Tags:From the Campaign for Southern Equality:
As we stood with LGBT families In Mississippi last month, something became utterly clear to me: We simply can't wait for equality anymore. We know that Amendment One and similar laws banning same-sex marriage are immoral and unconstitutional. It's time to act boldly.
That's why we're rolling out the next phase of the WE DO Campaign, using a new strategy. We are actively seeking a local elected official in the South who will grant a marriage license to a LGBT couple because it's the right thing to do. Watch our new video to learn more: http://www.youtube.com/watch?v=_jQxNB5FsPc
We're starting our tour in North Carolina, standing with LGBT couples as they request marriage licenses and ask their local Register of Deeds to join them on the side of equality. The first action will be in Madison County next Wednesday, August 21, as we stand with Amanda and Loraine. Together for 13 years, this will be their third time requesting a marriage license as part of the WE DO Campaign. Maybe this time, the answer will be yes. But even if they're denied again, their action will signal a new chapter in this Southern equality movement we're building together. From Madison County, we'll be barnstorming North Carolina (details to come soon).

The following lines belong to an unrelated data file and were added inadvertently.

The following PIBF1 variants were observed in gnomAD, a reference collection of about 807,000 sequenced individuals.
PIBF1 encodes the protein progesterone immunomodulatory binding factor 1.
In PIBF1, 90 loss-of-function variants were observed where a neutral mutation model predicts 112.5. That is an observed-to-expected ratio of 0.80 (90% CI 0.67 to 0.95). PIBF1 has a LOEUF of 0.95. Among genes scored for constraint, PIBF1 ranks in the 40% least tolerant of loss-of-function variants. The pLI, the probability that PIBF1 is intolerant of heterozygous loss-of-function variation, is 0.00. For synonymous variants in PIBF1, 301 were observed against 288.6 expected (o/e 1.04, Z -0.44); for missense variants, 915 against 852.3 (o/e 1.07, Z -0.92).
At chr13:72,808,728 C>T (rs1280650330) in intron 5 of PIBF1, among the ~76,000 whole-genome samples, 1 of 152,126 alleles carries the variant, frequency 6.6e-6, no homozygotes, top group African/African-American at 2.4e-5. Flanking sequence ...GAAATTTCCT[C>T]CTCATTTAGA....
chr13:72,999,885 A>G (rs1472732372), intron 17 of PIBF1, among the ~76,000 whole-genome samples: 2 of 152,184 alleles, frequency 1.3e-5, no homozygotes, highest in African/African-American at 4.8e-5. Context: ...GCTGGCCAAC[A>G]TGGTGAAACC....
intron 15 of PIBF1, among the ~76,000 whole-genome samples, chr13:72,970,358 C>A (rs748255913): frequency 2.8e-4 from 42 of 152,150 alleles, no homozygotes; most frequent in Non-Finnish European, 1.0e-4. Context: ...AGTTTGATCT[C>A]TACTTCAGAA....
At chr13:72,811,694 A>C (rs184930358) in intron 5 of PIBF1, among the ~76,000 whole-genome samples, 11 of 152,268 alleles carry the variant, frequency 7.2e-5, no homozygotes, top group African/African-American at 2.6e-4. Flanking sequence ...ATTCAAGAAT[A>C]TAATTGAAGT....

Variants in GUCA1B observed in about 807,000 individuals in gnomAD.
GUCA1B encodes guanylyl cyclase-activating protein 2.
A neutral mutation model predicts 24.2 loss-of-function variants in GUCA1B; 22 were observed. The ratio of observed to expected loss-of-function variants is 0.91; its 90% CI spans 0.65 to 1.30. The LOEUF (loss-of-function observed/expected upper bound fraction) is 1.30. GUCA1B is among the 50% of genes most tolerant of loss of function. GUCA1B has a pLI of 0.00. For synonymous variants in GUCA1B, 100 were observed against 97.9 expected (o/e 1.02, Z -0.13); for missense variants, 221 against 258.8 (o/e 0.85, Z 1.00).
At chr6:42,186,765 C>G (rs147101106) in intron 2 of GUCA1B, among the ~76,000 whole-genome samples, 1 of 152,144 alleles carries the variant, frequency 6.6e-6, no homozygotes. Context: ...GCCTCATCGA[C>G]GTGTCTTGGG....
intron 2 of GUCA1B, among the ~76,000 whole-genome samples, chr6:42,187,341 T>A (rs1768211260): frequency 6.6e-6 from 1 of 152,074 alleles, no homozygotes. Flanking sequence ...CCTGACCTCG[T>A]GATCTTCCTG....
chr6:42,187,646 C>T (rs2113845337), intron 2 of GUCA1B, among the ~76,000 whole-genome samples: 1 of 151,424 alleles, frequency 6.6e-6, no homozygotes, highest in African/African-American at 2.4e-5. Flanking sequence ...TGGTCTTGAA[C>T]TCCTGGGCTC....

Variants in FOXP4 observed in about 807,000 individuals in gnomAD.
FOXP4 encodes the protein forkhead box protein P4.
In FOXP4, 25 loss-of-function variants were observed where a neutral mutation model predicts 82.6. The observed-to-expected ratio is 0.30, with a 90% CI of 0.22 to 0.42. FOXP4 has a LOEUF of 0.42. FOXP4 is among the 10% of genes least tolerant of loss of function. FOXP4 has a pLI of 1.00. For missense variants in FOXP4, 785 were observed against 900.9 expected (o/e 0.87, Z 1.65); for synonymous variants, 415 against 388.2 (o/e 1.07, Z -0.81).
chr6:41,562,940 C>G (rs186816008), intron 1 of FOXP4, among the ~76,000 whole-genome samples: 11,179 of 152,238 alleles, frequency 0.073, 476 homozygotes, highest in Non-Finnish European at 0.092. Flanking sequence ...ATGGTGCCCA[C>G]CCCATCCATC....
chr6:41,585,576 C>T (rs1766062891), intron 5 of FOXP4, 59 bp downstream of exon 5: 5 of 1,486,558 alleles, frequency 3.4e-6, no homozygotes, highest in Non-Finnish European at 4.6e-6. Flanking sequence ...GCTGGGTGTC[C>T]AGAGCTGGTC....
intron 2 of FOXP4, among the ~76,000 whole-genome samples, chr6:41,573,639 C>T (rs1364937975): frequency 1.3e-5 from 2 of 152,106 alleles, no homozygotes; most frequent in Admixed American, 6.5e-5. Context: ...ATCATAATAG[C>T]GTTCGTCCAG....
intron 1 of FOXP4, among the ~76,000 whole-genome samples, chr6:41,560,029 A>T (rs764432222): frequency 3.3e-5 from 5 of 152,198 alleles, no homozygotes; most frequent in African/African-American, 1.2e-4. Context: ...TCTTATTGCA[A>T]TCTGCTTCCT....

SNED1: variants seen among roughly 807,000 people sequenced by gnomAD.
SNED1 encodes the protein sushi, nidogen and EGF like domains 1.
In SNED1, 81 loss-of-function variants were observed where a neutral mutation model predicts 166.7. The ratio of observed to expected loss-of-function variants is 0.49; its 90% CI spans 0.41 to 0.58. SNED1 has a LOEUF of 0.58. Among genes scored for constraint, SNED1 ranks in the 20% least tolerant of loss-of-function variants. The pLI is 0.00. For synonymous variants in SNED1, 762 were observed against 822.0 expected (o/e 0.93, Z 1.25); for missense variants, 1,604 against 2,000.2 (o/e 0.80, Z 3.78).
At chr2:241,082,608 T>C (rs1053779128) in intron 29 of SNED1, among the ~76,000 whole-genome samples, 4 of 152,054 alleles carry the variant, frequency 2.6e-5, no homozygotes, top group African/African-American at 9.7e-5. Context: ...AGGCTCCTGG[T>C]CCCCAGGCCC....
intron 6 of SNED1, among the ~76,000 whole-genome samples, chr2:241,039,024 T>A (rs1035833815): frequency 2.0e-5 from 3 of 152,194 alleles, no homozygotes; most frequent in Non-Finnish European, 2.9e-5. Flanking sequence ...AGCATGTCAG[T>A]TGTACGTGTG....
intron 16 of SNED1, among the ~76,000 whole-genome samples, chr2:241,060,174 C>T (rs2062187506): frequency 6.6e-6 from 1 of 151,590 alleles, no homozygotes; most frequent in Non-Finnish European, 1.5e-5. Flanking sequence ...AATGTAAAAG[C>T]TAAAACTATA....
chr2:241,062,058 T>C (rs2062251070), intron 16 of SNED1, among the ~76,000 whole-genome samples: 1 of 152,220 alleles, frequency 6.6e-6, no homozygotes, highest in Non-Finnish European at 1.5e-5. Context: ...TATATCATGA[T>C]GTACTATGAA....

History has shown that discriminatory laws fall when enough pressure is applied to them. Part of the strength of the LGBT movement is the array of tactics we have available to us to apply such pressure - from making legal arguments in federal courtrooms to making moral arguments in the public square.
Discriminatory laws hurt all of us, including those tasked with enforcing them. A discriminatory law asks the enforcer to deny the humanity of another person. In this way, it is immoral. There comes a time in every civil rights movement when those tasked with enforcing discriminatory laws simply cannot do it any longer. It starts with one person, then two, and grows from there.
That's what is happening right now in Montgomery County, Pennsylvania, another state with a ban on same-sex marriage. Recently, Register of Wills Mr. Bruce Hanes started issuing marriage licenses to local same-sex couples. His reason was simple: he believes they have a right to marry under the U.S. Constitution, which he took an oath to uphold. Now, two mayors in other parts of Pennsylvania are performing marriage ceremonies for same-sex couples to whom Mr. Hanes issued licenses.
I believe there is an elected official somewhere in the South who is ready to do this.